While the big political brouhaha over the Goods and Services Tax (GST) continues, several experts on economy feel the proposed tax is low on substance and massive on hype.
On Wednesday, the government inched closer to clinching a deal by clearing changes in the GST Constitutional Amendment Bill, dropping 1 percent manufacturing tax and providing guarantee to compensate states for any revenue loss in the first five years. While it would like to call the GST a historic leap, the ultimate game changer in the economy, this section of economic experts believes that the so-called biggest tax reform in India is only big talk.
And, they have their reasons to believe so.
Arun Kumar, former Sukhamoy Chakravarty Chair Professor at the Centre for Economic Studies and Planning, Jawaharlal Nehru University, raises the most pertinent question on top of everybody’s mind today. He asks, “Will consumers benefit due to lower prices?”
Kumar says that this is just one of the many questions that should be asked if GST is implemented. He says that the argument about a fall in prices is wrong.
“Undoubtedly, there would be simplification in the tax regime faced by businesses but not as much as is being made out. There will be three taxes — CGST collected by the Centre, SGST collected by the states and an IGST on inter-state movements collected by the Centre. Further, under pressure from the states, alcohol, tobacco and petro goods are likely to be left out of the purview of GST. So are electricity and real estate being left out of the GST net and will have separate taxes resulting in some cascading effect. Services did not have to pay sales tax earlier but will now have to pay the SGST to the states so their prices will rise. For instance, telephone calls, insurance, transportation, restaurants, etc. will become dearer. A common tax rate will imply that all basic and essential goods prices will rise, and even if some final goods prices fall, the rate of inflation will go up,” he points out.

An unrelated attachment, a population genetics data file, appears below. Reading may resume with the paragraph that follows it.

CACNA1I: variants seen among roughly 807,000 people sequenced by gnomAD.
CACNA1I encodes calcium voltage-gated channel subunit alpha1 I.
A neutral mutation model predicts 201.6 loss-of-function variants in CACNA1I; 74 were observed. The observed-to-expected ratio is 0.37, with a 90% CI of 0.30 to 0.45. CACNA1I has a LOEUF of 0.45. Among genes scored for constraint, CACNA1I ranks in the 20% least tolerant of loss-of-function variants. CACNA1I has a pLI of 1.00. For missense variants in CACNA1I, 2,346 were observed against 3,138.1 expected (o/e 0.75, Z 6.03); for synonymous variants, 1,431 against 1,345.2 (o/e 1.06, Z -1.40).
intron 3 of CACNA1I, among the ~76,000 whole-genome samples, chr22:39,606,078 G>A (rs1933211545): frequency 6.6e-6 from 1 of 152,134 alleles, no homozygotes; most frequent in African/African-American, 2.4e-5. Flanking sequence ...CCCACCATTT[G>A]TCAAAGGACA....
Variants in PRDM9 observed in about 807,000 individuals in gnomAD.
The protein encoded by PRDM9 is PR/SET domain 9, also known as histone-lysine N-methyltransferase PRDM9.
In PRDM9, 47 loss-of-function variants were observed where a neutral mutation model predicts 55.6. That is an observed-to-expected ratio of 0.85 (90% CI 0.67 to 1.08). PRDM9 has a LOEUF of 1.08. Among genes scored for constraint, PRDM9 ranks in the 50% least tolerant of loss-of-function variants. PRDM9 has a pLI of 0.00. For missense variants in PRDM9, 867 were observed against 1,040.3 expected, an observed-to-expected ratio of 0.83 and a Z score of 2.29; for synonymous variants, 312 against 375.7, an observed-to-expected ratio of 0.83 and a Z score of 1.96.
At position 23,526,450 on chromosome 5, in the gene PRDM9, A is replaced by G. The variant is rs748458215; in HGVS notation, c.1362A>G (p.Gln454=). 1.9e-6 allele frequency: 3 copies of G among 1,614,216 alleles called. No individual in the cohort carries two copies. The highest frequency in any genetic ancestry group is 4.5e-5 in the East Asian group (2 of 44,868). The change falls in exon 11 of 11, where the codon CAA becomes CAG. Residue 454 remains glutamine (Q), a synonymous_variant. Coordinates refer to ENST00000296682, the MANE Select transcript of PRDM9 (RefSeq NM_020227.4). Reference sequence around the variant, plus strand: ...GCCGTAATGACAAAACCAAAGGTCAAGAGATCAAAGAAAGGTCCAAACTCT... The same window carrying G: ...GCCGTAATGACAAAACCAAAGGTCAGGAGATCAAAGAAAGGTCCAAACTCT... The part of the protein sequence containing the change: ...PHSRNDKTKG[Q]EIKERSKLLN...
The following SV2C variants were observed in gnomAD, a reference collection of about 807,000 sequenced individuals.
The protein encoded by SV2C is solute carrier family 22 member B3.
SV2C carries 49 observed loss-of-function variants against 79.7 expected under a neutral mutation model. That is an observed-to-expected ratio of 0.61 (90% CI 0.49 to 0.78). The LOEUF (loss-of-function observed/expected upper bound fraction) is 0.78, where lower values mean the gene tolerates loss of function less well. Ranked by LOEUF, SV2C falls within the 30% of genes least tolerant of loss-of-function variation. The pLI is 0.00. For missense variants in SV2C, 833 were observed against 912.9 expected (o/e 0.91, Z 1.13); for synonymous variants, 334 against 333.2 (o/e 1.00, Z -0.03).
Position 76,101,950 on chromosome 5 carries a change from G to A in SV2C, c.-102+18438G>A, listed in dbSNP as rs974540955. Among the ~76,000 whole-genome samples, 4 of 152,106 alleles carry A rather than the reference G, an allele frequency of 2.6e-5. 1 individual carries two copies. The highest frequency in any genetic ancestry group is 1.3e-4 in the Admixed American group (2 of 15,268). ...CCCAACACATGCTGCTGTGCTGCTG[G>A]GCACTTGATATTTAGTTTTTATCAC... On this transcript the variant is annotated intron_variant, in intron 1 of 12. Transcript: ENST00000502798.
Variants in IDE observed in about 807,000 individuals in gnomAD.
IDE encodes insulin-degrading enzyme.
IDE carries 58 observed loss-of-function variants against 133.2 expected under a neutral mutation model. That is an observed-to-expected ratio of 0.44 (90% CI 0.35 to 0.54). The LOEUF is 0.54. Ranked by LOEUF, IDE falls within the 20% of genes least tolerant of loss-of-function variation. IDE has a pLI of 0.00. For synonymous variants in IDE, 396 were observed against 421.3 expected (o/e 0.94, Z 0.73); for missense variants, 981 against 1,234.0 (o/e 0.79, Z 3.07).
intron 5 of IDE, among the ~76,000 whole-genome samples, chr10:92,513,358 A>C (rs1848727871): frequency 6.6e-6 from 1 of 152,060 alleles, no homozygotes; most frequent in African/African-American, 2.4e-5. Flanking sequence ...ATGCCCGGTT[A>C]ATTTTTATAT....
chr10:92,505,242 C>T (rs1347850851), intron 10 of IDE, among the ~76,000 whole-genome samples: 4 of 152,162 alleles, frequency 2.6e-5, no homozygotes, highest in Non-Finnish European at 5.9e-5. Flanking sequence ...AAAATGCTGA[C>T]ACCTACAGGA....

According to Kumar, a common rate for all states undermines fiscal federalism; because different states have different requirements.
“The real problems with the introduction of GST in India have not been addressed. The unorganised sector in India employs 93 percent of the workforce. The small and tiny units producing and selling locally would lose from a unified market which will benefit large-scale producers. This will aggravate under-employment, distress in the farm sector and adversely impact the poorer states. No wonder, GST is being strongly backed by large businesses — foreign and Indian. Just because VAT exists in more than a hundred nations is no reason that it would uniformly benefit all in India,” adds Kumar, former Sukhamoy Chakravarty Chair Professor at the Centre for Economic Studies and Planning, Jawaharlal Nehru University.
Jayati Ghosh, professor of Economics at Jawaharlal Nehru University concurs.
“GST is a massively over-hyped phenomenon. It has been touted that GST will have massive impetus on investment and growth, but in fact the effect will be marginal. It’s a convenient excuse that as GST is not there, growth isn’t taking place.”
As far as creating a national market is concerned, with a uniform single tax regime across the country, Ghosh criticised it saying over-centralisation had never benefitted India.
“Same is in the case of GST. It’ll be a cosmetic reform to show the world that India is doing reforms. In the last two years, investment has failed to pick up. We’ve witnessed massive rise in non-performing assets in public sector banks,” adds Ghosh.